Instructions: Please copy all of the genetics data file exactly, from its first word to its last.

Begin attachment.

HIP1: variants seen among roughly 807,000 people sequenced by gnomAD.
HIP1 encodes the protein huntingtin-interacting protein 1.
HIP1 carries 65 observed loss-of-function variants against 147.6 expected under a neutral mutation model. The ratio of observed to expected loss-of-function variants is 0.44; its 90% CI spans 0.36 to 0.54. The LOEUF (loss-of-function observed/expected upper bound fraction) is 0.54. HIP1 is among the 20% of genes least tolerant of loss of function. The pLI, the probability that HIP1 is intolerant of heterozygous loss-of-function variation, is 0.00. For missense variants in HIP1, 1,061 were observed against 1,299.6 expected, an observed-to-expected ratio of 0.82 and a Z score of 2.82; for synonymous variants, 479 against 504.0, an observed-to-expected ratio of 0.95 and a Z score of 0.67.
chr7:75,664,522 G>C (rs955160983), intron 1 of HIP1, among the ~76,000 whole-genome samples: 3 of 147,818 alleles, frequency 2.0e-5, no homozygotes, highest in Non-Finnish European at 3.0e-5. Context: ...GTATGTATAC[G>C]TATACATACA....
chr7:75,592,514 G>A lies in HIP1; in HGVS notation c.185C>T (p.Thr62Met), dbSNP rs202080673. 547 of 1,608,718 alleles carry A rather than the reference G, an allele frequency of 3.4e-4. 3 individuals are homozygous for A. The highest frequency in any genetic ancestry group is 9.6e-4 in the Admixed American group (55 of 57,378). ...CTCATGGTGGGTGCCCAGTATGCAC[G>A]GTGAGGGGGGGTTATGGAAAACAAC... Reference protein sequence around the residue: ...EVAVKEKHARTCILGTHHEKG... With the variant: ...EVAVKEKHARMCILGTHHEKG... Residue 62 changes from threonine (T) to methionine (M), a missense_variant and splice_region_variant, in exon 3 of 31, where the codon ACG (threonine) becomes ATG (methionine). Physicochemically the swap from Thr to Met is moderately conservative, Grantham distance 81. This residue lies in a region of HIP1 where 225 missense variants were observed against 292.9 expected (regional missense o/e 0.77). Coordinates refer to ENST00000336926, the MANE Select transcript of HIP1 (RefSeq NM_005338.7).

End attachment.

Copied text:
HIP1: variants seen among roughly 807,000 people sequenced by gnomAD.
HIP1 encodes the protein huntingtin-interacting protein 1.
HIP1 carries 65 observed loss-of-function variants against 147.6 expected under a neutral mutation model. The ratio of observed to expected loss-of-function variants is 0.44; its 90% CI spans 0.36 to 0.54. The LOEUF (loss-of-function observed/expected upper bound fraction) is 0.54. HIP1 is among the 20% of genes least tolerant of loss of function. The pLI, the probability that HIP1 is intolerant of heterozygous loss-of-function variation, is 0.00. For missense variants in HIP1, 1,061 were observed against 1,299.6 expected, an observed-to-expected ratio of 0.82 and a Z score of 2.82; for synonymous variants, 479 against 504.0, an observed-to-expected ratio of 0.95 and a Z score of 0.67.
chr7:75,664,522 G>C (rs955160983), intron 1 of HIP1, among the ~76,000 whole-genome samples: 3 of 147,818 alleles, frequency 2.0e-5, no homozygotes, highest in Non-Finnish European at 3.0e-5. Context: ...GTATGTATAC[G>C]TATACATACA....
chr7:75,592,514 G>A lies in HIP1; in HGVS notation c.185C>T (p.Thr62Met), dbSNP rs202080673. 547 of 1,608,718 alleles carry A rather than the reference G, an allele frequency of 3.4e-4. 3 individuals are homozygous for A. The highest frequency in any genetic ancestry group is 9.6e-4 in the Admixed American group (55 of 57,378). ...CTCATGGTGGGTGCCCAGTATGCAC[G>A]GTGAGGGGGGGTTATGGAAAACAAC... Reference protein sequence around the residue: ...EVAVKEKHARTCILGTHHEKG... With the variant: ...EVAVKEKHARMCILGTHHEKG... Residue 62 changes from threonine (T) to methionine (M), a missense_variant and splice_region_variant, in exon 3 of 31, where the codon ACG (threonine) becomes ATG (methionine). Physicochemically the swap from Thr to Met is moderately conservative, Grantham distance 81. This residue lies in a region of HIP1 where 225 missense variants were observed against 292.9 expected (regional missense o/e 0.77). Coordinates refer to ENST00000336926, the MANE Select transcript of HIP1 (RefSeq NM_005338.7).